Are we living in a “Connected World”? Yes, to some extent! One should not wonder after hearing such conversations. The technological advancements in recent times has made it possible that in today’s world wherever we go, whatever we do…we are connected! How has it become possible? With the advancement in the design and development of Information Technology (IT) content, Internet Protocol, Computing Hardware, Communication Devices (wired / wireless) etc. it has become possible to remain connected to our near and dear ones either being at home, in an office, in a supermarket, while traveling etc. Of course there is much to be done! The technology has become an integral part of our day-to-day life without which we would feel isolated. Recent progress in the Internet-of-Things (IoT) technology, whereby one can control certain devices even from remote locations could make our lives even more comfortable and improve the quality of life. But, there are numerous challenges associated with the companies operating in these sectors in terms of recruiting quality manpower (researchers, scientists, application developers, skilled technicians etc.).
Even though some declining trend has been noticed in the Information Technology sector (IT party is over. Now’s the time to reinvent or die, by Ravi Venkatesan, 31st May, Sunday Times, Times of India) a bright future looks still ahead for those who are mobile and web application developers, data scientists and engineers and not to be forgotten the cyber security experts. Furthermore, in the context of India, the Government of India’s (GOI) flagship program like “Digital India Project” would create over five crore jobs according to the Telecom Minister Ravishankar Prasad (12th June, 2015 address to students at Shri Ram College of Commerce, New Delhi). This indicates that we need to create manpower in the above mentioned areas to meet the challenges of future. Continue reading
What makes Engineering Institute as ‘Best Engineering Institute’? Is it only excellent placement data or only passing percentage of Engineering graduates? In previous years, most of the Engineering aspirants used to judge the Engineering Institute based on its placement history. Now days, the focus is shifted from placements to sustainable placements or recruiters’ feedback. In this way, alumni are playing a very important role at this stage. The question arise that Why? and How? Alumni are the brand ambassadors of any educational Institute and if excellent feedback by corporate world creates a sustainable industry interface with such Institution. Those successful alumni also share very positive feedback of an Institute. Alumni performance at the company is affected by several factors in which the major factor is the skills that they had adapted during their studies.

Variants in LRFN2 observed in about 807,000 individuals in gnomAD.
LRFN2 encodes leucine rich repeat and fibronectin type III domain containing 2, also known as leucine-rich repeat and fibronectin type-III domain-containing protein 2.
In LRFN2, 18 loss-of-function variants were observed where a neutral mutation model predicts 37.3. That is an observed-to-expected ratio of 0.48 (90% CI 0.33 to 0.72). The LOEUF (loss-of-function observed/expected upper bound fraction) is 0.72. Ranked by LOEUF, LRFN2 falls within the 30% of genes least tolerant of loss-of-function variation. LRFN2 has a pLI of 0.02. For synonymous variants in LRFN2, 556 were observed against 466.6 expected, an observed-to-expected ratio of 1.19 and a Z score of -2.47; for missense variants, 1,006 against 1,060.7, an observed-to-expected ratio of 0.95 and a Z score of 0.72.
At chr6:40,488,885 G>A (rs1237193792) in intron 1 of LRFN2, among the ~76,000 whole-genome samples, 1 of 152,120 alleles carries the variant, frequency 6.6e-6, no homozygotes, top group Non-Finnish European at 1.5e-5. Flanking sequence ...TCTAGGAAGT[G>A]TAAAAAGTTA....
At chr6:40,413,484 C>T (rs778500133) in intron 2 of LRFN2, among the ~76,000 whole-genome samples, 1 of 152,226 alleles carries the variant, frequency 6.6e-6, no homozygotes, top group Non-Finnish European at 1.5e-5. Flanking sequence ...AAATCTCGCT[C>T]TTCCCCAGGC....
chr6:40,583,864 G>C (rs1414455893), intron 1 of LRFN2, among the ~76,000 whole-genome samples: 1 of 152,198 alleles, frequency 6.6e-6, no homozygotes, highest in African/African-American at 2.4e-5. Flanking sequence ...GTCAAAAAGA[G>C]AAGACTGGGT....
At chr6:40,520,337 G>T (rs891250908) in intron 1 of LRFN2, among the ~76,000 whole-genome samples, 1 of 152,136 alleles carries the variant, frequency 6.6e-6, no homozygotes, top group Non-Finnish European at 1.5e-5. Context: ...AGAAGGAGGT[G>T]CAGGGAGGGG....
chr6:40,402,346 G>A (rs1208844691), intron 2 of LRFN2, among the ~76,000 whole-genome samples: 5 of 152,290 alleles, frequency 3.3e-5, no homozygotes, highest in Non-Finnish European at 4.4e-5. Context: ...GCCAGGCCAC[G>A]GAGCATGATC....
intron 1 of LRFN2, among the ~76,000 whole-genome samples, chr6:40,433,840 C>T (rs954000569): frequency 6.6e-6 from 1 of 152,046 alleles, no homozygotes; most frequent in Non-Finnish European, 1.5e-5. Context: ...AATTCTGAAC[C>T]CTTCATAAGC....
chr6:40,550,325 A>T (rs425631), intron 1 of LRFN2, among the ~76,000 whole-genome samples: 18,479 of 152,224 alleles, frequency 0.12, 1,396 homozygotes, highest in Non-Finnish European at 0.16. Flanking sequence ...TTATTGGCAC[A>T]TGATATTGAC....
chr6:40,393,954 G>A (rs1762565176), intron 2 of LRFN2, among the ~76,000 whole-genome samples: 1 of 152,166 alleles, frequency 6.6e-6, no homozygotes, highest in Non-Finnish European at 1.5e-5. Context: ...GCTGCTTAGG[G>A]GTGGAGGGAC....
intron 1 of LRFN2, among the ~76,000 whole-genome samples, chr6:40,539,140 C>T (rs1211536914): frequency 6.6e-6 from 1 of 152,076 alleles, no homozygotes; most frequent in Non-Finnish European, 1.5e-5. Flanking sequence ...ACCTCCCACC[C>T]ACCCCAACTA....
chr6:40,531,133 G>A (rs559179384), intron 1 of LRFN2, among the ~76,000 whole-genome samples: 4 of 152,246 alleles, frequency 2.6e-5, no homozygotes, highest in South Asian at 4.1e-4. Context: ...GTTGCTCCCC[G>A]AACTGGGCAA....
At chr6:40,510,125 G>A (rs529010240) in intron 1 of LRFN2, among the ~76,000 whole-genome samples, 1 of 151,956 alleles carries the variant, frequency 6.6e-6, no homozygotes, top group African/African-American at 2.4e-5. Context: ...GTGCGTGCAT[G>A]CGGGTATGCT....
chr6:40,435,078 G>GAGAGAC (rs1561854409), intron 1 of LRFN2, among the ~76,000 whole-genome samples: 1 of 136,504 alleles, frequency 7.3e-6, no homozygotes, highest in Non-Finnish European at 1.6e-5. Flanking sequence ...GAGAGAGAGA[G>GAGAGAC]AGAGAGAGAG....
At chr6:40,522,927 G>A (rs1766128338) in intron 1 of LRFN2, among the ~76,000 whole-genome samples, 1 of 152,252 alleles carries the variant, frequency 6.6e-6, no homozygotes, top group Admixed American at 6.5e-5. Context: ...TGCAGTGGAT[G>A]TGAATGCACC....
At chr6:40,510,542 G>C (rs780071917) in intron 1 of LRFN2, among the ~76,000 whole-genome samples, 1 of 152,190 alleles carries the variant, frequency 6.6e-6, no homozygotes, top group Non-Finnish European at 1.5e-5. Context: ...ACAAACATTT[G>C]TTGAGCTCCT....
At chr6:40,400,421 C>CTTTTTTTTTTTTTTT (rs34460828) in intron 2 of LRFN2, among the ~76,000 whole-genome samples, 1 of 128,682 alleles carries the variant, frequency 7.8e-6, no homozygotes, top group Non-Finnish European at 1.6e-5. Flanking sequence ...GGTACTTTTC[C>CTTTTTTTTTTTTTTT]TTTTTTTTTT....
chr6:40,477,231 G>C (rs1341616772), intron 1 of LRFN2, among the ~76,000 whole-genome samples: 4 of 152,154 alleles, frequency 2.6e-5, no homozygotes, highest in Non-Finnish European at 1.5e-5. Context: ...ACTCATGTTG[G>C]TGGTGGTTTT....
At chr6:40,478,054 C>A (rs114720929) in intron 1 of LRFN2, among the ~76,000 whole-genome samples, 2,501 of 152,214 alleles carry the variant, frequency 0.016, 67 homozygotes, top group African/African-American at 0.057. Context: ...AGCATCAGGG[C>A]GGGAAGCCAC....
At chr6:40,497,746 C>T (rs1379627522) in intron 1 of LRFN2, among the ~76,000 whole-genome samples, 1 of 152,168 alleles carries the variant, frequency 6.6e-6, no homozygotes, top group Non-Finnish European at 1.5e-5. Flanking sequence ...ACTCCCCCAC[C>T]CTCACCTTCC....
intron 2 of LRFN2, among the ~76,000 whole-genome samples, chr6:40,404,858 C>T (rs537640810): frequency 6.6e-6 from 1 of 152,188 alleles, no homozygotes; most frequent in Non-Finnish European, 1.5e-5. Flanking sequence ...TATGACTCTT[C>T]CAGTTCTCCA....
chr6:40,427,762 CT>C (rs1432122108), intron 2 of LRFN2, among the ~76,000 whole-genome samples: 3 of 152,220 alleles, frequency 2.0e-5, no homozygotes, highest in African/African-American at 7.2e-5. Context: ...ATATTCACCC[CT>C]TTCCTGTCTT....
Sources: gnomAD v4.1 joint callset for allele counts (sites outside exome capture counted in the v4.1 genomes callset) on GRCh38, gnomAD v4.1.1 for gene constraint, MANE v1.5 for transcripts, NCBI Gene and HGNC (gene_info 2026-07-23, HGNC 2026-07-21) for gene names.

As per an article published in Business Today recently and as per reports published in various newspapers reveal that only about 30 per cent graduates in India are job worthy. In case of Engineering graduates it is reported that their employability worth lies somewhere between 20 to 25 per cent. Many academicians feel it could be still lower. It is therefore important to dwell upon the possible reasons which cause low employability of Indian graduates in general and Engineering graduates in particular. The international ranking of higher education Institutions in India and their failure to enter the list of top 200 Institutions of the world, and the low employability of Indian graduates has started all across the country. This is due to the theoretical nature of course curriculum at B. Tech level. The Institutes claims about most updated curricula, excellent laboratories, etc. but as per the reports, the focus on providing quality education is lost and the need has been realized to look into this issue seriously.
Higher Education sector has witnessed a tremendous increase in the number of Universities/University level Institutions & Colleges since Independence. The number of Universities has increased 34 times from 20 in 1950 to 677 in 2014. More specifically if we talk about technical institutions, their number has gone up from 1,511 colleges in 2006-07 to an astoundingly high 3,345 in 2014-15.
India now ranks second after China in terms of enrolment of students. The government has set a target to achieve a Gross Enrolment Ratio (GER) of 30% by 2020. But, the question arises, that is it sufficient to increase the number only?
It is true, that given with scale and complexity of the higher education challenges, the government on its own cannot single-handedly tackle all the issues but at the same time we all have to accept that majority of private technical institutions in India are Lacking in infrastructure, sufficient laboratory equipment, trained faculty, Research & Development, industry oriented curricula and theory- practical balance. They are producing large number of graduates with technical degrees but with no technical skills and who is not industry deployable. Continue reading